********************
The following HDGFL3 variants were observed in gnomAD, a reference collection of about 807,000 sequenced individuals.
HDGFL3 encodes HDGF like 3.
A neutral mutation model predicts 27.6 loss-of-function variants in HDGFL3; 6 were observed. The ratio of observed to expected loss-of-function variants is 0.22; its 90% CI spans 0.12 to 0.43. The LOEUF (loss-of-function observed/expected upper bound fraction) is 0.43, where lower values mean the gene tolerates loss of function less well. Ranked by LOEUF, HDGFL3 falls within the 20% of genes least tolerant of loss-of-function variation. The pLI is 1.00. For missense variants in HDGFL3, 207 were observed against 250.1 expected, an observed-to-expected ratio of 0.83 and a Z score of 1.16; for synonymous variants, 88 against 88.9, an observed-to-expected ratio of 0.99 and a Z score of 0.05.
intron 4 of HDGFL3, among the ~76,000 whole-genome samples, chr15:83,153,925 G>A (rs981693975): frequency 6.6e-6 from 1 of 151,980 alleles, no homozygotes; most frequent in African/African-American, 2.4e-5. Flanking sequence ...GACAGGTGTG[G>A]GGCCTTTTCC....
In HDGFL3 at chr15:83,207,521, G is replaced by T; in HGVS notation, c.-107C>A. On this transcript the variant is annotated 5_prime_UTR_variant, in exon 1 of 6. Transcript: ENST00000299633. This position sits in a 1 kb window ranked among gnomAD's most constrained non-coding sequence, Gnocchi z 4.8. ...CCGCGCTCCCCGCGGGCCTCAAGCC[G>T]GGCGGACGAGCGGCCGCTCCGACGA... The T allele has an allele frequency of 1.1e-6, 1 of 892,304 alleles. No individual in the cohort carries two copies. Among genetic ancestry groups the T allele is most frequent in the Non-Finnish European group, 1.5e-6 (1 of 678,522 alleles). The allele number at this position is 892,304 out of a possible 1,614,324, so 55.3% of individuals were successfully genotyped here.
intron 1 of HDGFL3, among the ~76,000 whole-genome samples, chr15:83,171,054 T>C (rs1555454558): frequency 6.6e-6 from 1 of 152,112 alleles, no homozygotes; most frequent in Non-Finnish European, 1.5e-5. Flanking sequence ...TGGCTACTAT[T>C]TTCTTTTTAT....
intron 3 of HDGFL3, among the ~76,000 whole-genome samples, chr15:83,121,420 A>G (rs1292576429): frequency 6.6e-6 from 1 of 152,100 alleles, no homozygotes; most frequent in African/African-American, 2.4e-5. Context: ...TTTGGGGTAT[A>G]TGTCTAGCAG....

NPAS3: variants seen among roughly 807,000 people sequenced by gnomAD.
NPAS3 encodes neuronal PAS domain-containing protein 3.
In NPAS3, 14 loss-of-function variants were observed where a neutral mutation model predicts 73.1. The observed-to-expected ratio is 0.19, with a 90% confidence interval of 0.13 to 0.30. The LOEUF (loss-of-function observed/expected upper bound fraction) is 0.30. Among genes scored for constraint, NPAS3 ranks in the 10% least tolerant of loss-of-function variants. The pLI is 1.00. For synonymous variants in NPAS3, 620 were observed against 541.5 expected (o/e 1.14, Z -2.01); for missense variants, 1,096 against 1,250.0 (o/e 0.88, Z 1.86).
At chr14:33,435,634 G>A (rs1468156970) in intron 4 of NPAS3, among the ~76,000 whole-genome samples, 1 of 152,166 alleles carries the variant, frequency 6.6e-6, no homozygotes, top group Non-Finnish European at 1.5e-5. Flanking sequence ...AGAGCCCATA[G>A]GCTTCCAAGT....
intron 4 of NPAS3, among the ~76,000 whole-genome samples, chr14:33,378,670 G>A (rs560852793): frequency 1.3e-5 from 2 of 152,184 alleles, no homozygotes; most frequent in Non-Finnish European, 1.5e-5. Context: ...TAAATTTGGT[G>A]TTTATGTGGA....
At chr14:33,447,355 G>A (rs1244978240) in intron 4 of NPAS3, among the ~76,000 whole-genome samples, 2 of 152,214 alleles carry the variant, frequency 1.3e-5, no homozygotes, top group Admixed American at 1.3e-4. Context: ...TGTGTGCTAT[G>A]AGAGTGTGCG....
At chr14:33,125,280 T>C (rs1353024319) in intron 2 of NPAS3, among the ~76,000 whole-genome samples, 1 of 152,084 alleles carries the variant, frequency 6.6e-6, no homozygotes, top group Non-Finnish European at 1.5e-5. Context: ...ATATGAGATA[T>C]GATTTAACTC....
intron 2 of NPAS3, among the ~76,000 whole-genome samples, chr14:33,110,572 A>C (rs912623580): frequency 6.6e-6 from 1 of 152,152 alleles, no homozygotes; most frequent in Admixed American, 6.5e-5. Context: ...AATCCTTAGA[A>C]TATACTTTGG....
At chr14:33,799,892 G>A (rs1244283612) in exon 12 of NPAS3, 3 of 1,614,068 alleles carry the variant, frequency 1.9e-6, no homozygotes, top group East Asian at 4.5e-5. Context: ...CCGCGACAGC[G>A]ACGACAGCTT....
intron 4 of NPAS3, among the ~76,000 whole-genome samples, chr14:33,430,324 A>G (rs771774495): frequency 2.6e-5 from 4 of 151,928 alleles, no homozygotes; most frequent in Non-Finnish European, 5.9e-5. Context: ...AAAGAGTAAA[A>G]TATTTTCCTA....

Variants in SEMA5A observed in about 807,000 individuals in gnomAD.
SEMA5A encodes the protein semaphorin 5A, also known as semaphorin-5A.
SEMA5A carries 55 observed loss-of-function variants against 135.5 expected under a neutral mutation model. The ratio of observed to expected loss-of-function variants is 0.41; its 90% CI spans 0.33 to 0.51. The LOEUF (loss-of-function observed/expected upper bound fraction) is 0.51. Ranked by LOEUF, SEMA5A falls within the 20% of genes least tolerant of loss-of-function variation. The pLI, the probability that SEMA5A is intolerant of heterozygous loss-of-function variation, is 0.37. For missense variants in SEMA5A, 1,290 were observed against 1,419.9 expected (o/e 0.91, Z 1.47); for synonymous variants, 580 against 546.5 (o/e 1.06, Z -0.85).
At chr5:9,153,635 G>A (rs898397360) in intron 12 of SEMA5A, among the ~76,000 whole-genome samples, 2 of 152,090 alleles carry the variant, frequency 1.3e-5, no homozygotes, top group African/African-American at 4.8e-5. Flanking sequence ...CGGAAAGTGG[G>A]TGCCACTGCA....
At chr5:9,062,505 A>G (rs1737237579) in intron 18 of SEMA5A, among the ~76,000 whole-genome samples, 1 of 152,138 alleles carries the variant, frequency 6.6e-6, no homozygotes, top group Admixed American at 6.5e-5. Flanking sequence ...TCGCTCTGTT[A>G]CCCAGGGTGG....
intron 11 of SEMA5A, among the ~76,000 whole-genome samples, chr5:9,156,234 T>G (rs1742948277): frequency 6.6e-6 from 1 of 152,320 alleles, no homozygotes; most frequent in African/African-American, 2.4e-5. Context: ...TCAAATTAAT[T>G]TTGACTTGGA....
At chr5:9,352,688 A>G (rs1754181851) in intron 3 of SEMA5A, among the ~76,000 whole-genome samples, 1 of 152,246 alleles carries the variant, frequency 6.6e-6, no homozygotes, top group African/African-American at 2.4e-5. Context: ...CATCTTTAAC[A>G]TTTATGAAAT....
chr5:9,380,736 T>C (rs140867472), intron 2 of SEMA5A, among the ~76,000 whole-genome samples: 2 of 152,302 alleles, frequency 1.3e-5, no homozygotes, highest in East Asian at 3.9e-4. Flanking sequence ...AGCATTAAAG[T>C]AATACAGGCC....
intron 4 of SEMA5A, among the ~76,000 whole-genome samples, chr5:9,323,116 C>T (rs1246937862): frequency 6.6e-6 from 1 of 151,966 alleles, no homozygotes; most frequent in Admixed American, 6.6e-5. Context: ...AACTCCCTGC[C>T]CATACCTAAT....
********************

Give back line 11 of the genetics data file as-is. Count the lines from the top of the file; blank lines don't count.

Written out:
At chr14:33,435,634 G>A (rs1468156970) in intron 4 of NPAS3, among the ~76,000 whole-genome samples, 1 of 152,166 alleles carries the variant, frequency 6.6e-6, no homozygotes, top group Non-Finnish European at 1.5e-5. Flanking sequence ...AGAGCCCATA[G>A]GCTTCCAAGT....